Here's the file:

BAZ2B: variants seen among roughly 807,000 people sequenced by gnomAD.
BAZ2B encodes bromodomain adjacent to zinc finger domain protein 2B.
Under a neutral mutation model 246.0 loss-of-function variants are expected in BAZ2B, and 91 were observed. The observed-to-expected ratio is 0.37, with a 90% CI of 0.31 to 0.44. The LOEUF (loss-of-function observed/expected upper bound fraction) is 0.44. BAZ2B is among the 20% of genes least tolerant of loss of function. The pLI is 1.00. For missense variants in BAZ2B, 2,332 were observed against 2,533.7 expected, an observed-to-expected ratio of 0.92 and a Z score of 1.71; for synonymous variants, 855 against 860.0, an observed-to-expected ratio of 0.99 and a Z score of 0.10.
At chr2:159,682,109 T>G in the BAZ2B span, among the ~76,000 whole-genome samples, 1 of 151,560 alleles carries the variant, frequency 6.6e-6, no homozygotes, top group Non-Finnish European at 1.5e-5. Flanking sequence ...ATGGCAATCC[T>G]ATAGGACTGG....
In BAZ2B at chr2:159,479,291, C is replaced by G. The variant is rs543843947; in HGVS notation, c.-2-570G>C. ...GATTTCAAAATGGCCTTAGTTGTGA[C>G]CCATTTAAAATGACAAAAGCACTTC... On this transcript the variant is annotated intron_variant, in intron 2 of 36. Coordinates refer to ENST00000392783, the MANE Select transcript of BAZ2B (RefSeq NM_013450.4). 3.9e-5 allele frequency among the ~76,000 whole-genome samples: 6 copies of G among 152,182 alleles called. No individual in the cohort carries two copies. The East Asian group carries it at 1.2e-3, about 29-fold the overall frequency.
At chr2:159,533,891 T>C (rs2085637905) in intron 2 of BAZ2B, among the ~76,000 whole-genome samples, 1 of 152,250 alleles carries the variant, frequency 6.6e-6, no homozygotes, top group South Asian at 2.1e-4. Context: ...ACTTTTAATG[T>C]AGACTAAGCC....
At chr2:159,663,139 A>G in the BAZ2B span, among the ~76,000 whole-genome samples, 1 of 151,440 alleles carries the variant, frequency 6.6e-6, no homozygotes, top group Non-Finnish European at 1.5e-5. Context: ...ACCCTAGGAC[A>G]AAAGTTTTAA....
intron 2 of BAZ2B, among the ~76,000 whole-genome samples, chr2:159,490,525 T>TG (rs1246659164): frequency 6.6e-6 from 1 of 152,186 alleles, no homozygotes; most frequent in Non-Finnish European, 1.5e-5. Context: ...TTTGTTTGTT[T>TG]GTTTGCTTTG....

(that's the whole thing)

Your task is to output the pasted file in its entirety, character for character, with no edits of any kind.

BAZ2B: variants seen among roughly 807,000 people sequenced by gnomAD.
BAZ2B encodes bromodomain adjacent to zinc finger domain protein 2B.
Under a neutral mutation model 246.0 loss-of-function variants are expected in BAZ2B, and 91 were observed. The observed-to-expected ratio is 0.37, with a 90% CI of 0.31 to 0.44. The LOEUF (loss-of-function observed/expected upper bound fraction) is 0.44. BAZ2B is among the 20% of genes least tolerant of loss of function. The pLI is 1.00. For missense variants in BAZ2B, 2,332 were observed against 2,533.7 expected, an observed-to-expected ratio of 0.92 and a Z score of 1.71; for synonymous variants, 855 against 860.0, an observed-to-expected ratio of 0.99 and a Z score of 0.10.
At chr2:159,682,109 T>G in the BAZ2B span, among the ~76,000 whole-genome samples, 1 of 151,560 alleles carries the variant, frequency 6.6e-6, no homozygotes, top group Non-Finnish European at 1.5e-5. Flanking sequence ...ATGGCAATCC[T>G]ATAGGACTGG....
In BAZ2B at chr2:159,479,291, C is replaced by G. The variant is rs543843947; in HGVS notation, c.-2-570G>C. ...GATTTCAAAATGGCCTTAGTTGTGA[C>G]CCATTTAAAATGACAAAAGCACTTC... On this transcript the variant is annotated intron_variant, in intron 2 of 36. Coordinates refer to ENST00000392783, the MANE Select transcript of BAZ2B (RefSeq NM_013450.4). 3.9e-5 allele frequency among the ~76,000 whole-genome samples: 6 copies of G among 152,182 alleles called. No individual in the cohort carries two copies. The East Asian group carries it at 1.2e-3, about 29-fold the overall frequency.
At chr2:159,533,891 T>C (rs2085637905) in intron 2 of BAZ2B, among the ~76,000 whole-genome samples, 1 of 152,250 alleles carries the variant, frequency 6.6e-6, no homozygotes, top group South Asian at 2.1e-4. Context: ...ACTTTTAATG[T>C]AGACTAAGCC....
At chr2:159,663,139 A>G in the BAZ2B span, among the ~76,000 whole-genome samples, 1 of 151,440 alleles carries the variant, frequency 6.6e-6, no homozygotes, top group Non-Finnish European at 1.5e-5. Context: ...ACCCTAGGAC[A>G]AAAGTTTTAA....
intron 2 of BAZ2B, among the ~76,000 whole-genome samples, chr2:159,490,525 T>TG (rs1246659164): frequency 6.6e-6 from 1 of 152,186 alleles, no homozygotes; most frequent in Non-Finnish European, 1.5e-5. Context: ...TTTGTTTGTT[T>TG]GTTTGCTTTG....